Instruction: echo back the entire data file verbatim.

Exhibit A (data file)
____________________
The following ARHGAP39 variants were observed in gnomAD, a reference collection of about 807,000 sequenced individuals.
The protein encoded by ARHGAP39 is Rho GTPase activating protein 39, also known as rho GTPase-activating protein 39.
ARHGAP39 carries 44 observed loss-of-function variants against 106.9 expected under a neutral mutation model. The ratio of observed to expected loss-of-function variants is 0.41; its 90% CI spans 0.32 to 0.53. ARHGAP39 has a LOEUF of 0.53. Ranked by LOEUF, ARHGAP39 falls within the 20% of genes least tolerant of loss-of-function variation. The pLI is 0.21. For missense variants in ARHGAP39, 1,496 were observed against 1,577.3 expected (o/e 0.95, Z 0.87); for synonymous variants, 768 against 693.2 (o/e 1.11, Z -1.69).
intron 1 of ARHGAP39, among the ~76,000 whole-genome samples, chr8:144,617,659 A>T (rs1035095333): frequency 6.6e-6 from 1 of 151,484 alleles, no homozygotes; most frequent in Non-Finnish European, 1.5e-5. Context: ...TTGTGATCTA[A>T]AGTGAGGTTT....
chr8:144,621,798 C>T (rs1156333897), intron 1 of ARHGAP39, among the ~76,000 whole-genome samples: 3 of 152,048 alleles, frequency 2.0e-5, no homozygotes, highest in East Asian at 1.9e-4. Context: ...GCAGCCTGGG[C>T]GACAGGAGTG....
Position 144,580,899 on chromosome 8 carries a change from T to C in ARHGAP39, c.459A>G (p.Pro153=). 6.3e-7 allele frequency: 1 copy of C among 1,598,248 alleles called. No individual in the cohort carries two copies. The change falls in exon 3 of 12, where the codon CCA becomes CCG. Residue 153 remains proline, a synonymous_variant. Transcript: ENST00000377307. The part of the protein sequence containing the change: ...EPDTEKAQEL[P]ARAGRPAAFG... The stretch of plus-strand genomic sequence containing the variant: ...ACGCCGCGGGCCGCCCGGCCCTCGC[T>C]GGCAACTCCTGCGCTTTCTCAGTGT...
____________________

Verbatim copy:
The following ARHGAP39 variants were observed in gnomAD, a reference collection of about 807,000 sequenced individuals.
The protein encoded by ARHGAP39 is Rho GTPase activating protein 39, also known as rho GTPase-activating protein 39.
ARHGAP39 carries 44 observed loss-of-function variants against 106.9 expected under a neutral mutation model. The ratio of observed to expected loss-of-function variants is 0.41; its 90% CI spans 0.32 to 0.53. ARHGAP39 has a LOEUF of 0.53. Ranked by LOEUF, ARHGAP39 falls within the 20% of genes least tolerant of loss-of-function variation. The pLI is 0.21. For missense variants in ARHGAP39, 1,496 were observed against 1,577.3 expected (o/e 0.95, Z 0.87); for synonymous variants, 768 against 693.2 (o/e 1.11, Z -1.69).
intron 1 of ARHGAP39, among the ~76,000 whole-genome samples, chr8:144,617,659 A>T (rs1035095333): frequency 6.6e-6 from 1 of 151,484 alleles, no homozygotes; most frequent in Non-Finnish European, 1.5e-5. Context: ...TTGTGATCTA[A>T]AGTGAGGTTT....
chr8:144,621,798 C>T (rs1156333897), intron 1 of ARHGAP39, among the ~76,000 whole-genome samples: 3 of 152,048 alleles, frequency 2.0e-5, no homozygotes, highest in East Asian at 1.9e-4. Context: ...GCAGCCTGGG[C>T]GACAGGAGTG....
Position 144,580,899 on chromosome 8 carries a change from T to C in ARHGAP39, c.459A>G (p.Pro153=). 6.3e-7 allele frequency: 1 copy of C among 1,598,248 alleles called. No individual in the cohort carries two copies. The change falls in exon 3 of 12, where the codon CCA becomes CCG. Residue 153 remains proline, a synonymous_variant. Transcript: ENST00000377307. The part of the protein sequence containing the change: ...EPDTEKAQEL[P]ARAGRPAAFG... The stretch of plus-strand genomic sequence containing the variant: ...ACGCCGCGGGCCGCCCGGCCCTCGC[T>C]GGCAACTCCTGCGCTTTCTCAGTGT...